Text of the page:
Whose Moves Are You Studying?

In Blog, Discipline, Leadership, Personal Branding
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Whose Moves Are You Studying? | Dre BaldwinSomeone left me a comment on YouTube a week or two ago. He wanted to know how many hours he should work out every day. I gave him an answer (hint in case you cared: it wasn’t a number and that’s a bad question) and he replied with some information about Kobe Bryant. He told me that Kobe used to work out for 6 hours per day in middle and high school.

Whether this is true or not, I don’t know and it doesn’t even matter, and I told him so. Or at least it shouldn’t matter.

WHAT?!?! Why, Dre? Kobe (or anyone whose name you want to fill in here) is one of the best players ever — shouldn’t we want to follow in his footsteps? Shouldn’t we want to know and study exactly what he did so we can do it? If not him, then who?


Yes, you.

See, knowing what someone else did to become successful is a good thing to know. The necessary fundamentals and how to acquire them? You should be active in your pursuit of that information. Some advanced skills that you didn’t even know you didn’t even know about? Once you get good enough, that stuff will find you. And at some point, you have all the knowledge and information you need (and it’s not as much as you think it is). All that’s left is your effort.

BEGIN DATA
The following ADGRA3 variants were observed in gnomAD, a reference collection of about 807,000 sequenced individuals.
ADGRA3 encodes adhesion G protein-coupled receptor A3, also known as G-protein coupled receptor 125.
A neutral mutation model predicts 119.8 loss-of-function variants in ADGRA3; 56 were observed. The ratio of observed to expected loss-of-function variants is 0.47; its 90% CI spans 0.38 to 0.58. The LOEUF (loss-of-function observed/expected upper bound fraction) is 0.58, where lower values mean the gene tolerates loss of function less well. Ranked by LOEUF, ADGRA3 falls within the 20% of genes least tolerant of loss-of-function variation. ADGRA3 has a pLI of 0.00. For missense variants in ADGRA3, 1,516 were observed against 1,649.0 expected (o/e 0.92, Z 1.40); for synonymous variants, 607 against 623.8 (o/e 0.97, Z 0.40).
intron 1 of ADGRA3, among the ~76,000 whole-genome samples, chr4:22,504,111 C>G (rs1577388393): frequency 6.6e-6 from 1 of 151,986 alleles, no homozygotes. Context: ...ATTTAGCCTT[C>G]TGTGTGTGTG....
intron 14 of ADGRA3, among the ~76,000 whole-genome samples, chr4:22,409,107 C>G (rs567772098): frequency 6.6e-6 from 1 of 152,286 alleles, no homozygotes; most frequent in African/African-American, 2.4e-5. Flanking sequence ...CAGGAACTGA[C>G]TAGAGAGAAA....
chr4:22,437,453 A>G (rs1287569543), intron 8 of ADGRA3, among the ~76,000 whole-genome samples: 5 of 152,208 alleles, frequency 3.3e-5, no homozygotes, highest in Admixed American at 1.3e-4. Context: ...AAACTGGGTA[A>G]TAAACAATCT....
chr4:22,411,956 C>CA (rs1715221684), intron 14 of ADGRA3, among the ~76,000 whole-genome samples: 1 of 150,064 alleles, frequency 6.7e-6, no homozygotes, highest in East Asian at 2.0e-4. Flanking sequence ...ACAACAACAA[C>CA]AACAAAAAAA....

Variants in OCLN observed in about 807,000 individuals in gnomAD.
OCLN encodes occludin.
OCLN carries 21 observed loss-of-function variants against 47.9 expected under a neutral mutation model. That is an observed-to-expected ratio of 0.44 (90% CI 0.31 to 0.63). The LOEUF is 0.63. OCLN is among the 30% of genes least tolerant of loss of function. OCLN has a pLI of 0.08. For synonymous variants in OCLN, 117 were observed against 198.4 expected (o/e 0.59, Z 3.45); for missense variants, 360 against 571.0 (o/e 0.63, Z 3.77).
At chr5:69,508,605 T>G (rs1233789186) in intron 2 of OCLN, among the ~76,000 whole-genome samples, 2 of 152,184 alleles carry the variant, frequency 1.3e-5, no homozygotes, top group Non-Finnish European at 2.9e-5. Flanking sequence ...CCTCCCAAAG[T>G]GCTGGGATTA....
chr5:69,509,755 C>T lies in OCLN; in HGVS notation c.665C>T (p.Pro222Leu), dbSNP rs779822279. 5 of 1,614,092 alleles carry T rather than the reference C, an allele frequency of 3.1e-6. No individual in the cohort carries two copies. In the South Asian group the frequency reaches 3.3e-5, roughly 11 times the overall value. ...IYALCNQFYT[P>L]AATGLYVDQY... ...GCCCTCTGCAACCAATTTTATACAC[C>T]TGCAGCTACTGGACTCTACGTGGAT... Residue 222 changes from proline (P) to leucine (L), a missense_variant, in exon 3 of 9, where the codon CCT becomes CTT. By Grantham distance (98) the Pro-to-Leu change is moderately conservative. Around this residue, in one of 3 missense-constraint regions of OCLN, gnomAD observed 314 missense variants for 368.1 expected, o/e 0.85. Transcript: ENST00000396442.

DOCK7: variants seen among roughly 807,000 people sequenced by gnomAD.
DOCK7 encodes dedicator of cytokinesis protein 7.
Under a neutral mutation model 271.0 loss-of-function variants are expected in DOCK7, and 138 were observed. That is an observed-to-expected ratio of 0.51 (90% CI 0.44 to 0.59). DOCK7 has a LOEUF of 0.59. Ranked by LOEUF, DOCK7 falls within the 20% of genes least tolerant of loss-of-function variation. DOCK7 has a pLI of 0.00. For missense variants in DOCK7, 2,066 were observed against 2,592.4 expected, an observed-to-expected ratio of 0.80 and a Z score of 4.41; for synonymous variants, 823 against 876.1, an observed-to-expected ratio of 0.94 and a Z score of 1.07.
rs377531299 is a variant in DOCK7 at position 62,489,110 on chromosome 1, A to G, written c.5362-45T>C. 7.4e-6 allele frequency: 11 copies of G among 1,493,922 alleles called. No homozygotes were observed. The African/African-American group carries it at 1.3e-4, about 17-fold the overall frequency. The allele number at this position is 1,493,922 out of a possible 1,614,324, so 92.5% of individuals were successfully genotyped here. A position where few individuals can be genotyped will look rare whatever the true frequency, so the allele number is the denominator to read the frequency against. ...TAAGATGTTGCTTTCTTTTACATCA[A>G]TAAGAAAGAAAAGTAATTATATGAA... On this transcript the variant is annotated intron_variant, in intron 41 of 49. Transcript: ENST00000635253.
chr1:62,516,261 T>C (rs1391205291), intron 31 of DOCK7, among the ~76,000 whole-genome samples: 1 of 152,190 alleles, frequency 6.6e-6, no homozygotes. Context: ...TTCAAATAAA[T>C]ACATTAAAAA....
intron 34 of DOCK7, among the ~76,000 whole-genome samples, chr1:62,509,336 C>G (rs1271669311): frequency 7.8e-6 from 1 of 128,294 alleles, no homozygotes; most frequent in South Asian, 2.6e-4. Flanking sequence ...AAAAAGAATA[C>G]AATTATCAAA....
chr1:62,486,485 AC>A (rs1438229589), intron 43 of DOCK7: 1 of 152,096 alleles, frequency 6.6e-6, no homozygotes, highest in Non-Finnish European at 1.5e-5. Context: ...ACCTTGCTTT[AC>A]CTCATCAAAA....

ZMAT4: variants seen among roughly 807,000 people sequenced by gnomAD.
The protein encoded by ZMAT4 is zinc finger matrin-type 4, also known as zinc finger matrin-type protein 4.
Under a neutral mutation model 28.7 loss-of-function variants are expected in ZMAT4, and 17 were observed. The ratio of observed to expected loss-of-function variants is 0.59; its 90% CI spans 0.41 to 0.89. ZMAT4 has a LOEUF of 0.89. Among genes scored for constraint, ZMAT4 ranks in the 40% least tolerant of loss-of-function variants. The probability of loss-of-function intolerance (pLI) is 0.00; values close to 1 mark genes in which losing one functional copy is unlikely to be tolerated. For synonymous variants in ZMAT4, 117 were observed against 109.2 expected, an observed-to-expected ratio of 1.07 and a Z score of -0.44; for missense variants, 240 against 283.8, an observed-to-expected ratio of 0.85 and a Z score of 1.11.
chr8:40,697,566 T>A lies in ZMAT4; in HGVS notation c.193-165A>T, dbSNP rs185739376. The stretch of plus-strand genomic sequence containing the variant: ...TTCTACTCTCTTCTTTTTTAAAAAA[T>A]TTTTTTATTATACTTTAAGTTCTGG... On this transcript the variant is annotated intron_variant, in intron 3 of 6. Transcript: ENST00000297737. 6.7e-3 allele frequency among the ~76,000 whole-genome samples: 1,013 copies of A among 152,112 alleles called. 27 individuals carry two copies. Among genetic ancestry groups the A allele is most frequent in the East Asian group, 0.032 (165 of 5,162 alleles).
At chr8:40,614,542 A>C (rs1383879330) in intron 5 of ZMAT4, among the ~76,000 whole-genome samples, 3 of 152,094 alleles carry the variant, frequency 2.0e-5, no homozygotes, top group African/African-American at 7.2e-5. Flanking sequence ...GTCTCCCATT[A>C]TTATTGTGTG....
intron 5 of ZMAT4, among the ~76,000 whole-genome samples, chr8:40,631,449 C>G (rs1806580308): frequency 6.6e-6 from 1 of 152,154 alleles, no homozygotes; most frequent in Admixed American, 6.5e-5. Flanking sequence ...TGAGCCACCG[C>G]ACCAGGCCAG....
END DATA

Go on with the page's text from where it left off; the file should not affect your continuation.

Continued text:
When Kobe was ready to become KOBE, it was no longer about Michael Jordan or Magic Johnson or his dad or any current NBA player he was watching on TV. At some point Kobe had to look in the mirror and start focusing on what that guy was doing. Focusing on how many hours that guy was practicing. Focusing on that guy’s moves.

There will come a point for you — IF you plan on taking it to the next level — when you’ll have to start replacing your knowledge of someone else with knowledge of you. Replace knowing what he did with knowing what you’re doing. Replace knowing what her moves are with what your moves are. If, at some point, you want to be the person others are looking to, you have to get the bandwagon rolling by looking at you first. It’s great that you know what Kobe did, but now there are two people studying Kobe — Kobe and you — and zero people studying you. The rich getting richer.

The people you’re studying aren’t studying you, after all.

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